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Change Initiative and Communication Types

Consider a change initiative that you have some familiarity with

The change initiative I have some familiarity with is the lean in distribution and manufacturing site. The major unanticipated outcome was an enormous employee resistance to change which had not been taken into account in the initial stage of planning. Employees resisted both actively and passively, some of them were just apathetic and did nothing. To handle the resistance, I spent much time analyzing the reasons for the resistance, ways of how it can be used productively, and ways of how to overcome it and make the personnel embrace change. Generally speaking, I think I was quite effective at managing this unanticipated outcome as I decided to act immediately and regularly. Firstly, I encouraged a dialogue with the workers to increase awareness of the change. Secondly, I clarified the purpose of the change to the team and assessed and discussed ideas of resistors. Thirdly, I encouraged participation and engagement to promote the change. This makes me think that I was rather productive at managing resistance. However, I could have improved in this area by incorporating leadership strategies so that employees would be more open for the change.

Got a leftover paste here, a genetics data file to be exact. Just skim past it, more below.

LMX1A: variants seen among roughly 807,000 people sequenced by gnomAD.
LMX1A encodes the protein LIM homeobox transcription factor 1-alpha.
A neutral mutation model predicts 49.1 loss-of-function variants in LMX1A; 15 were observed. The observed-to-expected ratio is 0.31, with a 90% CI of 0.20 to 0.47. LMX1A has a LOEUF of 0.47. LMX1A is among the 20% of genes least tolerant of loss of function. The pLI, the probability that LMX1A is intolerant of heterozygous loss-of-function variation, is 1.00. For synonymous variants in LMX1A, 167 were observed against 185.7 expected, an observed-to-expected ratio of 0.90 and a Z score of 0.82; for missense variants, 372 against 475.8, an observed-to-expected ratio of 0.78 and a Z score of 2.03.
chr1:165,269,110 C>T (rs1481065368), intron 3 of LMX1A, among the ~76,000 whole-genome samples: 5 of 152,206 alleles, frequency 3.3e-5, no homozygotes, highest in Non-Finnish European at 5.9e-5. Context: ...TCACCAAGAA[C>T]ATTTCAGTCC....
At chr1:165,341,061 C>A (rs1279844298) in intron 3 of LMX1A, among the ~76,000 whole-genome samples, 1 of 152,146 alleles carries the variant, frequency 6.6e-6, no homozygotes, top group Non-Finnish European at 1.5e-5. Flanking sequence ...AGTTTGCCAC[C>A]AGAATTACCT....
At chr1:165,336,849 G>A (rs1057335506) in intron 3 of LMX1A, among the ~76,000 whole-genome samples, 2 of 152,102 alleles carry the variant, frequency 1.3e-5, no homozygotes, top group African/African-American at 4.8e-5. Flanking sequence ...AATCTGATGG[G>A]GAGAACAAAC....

In terms of handling of the need to take actions that sustain change, I would rate myself as reactive and productive enough. This is because I can immediately determine the slightest signs of employee resistance and quickly draft a plan what I will do to overcome these barriers. Speaking of embracing the change myself and acting in accordance with the change management plan, I can rapidly adapt to the new direction. It is clear to me that change is an ever-present feature and organizations should regularly change in a shifting environment to save or boost their competitive advantage. Therefore, when I understand the purpose of the change, the desired outcome, and how the change is aligned with the company’s vision and mission, I act accordingly with the framework and show full enrollment. I do not resist change since it is obvious to me that the change is a natural necessity for the long-term success of any organization. What I did not so well regarding the need to sustain change is failed to create an effective strategy of how to motivate people to embrace the change.